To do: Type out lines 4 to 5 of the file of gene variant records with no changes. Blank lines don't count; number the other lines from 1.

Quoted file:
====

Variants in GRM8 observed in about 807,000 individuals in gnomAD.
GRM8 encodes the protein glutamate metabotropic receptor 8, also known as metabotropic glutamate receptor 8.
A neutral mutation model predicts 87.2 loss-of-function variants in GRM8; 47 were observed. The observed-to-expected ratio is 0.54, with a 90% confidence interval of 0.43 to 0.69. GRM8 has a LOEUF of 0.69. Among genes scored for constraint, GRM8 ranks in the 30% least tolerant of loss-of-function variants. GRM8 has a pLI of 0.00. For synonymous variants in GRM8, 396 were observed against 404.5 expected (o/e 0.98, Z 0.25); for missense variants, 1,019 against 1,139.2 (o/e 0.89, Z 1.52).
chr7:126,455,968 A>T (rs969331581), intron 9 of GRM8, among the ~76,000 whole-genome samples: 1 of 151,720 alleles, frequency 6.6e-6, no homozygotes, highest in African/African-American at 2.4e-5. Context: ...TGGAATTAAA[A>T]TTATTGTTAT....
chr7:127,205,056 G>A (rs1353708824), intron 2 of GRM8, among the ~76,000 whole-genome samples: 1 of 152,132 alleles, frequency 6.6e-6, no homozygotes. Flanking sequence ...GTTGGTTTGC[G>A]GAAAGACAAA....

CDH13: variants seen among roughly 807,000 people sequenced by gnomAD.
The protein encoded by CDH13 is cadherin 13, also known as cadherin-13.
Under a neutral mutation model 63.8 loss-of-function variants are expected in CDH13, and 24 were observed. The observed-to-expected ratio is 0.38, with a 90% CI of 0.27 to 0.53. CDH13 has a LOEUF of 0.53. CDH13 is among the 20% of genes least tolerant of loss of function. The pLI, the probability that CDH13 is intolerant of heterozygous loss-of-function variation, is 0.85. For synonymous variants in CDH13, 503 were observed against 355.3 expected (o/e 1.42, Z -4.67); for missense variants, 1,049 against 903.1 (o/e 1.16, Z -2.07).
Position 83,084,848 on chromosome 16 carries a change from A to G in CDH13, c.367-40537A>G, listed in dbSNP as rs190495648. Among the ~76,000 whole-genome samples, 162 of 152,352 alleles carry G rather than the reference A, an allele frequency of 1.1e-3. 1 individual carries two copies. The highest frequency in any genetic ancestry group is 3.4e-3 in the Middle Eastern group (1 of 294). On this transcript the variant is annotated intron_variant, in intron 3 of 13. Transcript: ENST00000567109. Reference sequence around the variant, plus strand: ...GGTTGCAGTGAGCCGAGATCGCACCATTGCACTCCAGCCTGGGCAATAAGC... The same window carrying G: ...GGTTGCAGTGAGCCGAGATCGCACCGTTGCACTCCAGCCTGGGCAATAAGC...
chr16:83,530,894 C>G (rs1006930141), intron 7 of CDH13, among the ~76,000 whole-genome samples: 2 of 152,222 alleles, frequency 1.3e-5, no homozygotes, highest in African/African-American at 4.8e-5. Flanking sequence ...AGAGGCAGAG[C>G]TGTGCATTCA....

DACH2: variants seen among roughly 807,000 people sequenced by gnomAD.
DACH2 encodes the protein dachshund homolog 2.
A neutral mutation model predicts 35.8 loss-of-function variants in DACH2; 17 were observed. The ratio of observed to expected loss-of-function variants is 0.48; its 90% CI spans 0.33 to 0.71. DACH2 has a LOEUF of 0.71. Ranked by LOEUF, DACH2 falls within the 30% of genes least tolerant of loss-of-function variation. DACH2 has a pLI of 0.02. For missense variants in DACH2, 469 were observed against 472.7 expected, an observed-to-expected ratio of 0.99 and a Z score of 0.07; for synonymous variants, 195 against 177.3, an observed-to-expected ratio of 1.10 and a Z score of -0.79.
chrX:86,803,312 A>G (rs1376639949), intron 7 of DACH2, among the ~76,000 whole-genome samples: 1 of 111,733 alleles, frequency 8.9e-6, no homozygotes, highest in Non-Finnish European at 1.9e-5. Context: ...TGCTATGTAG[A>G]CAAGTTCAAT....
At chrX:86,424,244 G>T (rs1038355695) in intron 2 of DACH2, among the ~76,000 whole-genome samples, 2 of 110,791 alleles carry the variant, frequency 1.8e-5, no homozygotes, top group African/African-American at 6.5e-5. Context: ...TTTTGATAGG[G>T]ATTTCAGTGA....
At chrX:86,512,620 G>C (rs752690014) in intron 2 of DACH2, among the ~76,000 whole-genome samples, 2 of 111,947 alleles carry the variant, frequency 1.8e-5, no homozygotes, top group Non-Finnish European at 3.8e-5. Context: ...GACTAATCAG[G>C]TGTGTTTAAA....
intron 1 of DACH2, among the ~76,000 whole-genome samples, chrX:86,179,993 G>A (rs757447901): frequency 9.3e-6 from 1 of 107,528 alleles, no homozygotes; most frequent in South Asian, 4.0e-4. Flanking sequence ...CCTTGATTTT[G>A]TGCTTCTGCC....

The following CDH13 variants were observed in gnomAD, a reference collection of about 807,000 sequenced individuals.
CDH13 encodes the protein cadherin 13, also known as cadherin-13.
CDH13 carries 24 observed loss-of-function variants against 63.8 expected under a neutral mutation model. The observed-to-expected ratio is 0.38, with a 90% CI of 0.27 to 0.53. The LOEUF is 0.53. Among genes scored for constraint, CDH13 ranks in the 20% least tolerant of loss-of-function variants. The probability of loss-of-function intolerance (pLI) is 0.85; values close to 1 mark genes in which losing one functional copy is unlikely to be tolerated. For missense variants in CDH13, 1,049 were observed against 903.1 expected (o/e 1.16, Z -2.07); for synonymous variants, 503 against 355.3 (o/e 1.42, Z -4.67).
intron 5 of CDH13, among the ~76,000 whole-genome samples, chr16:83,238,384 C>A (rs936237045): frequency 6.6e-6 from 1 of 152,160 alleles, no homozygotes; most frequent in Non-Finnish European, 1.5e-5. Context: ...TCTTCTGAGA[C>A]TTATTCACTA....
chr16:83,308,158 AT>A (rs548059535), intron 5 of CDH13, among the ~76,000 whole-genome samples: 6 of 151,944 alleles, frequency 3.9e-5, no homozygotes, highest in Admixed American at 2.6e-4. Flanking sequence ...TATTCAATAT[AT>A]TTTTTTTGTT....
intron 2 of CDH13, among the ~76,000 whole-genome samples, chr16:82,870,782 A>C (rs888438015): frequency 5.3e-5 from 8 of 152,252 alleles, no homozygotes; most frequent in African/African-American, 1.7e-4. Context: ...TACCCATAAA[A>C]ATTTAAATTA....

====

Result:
chr7:126,455,968 A>T (rs969331581), intron 9 of GRM8, among the ~76,000 whole-genome samples: 1 of 151,720 alleles, frequency 6.6e-6, no homozygotes, highest in African/African-American at 2.4e-5. Context: ...TGGAATTAAA[A>T]TTATTGTTAT....
chr7:127,205,056 G>A (rs1353708824), intron 2 of GRM8, among the ~76,000 whole-genome samples: 1 of 152,132 alleles, frequency 6.6e-6, no homozygotes. Flanking sequence ...GTTGGTTTGC[G>A]GAAAGACAAA....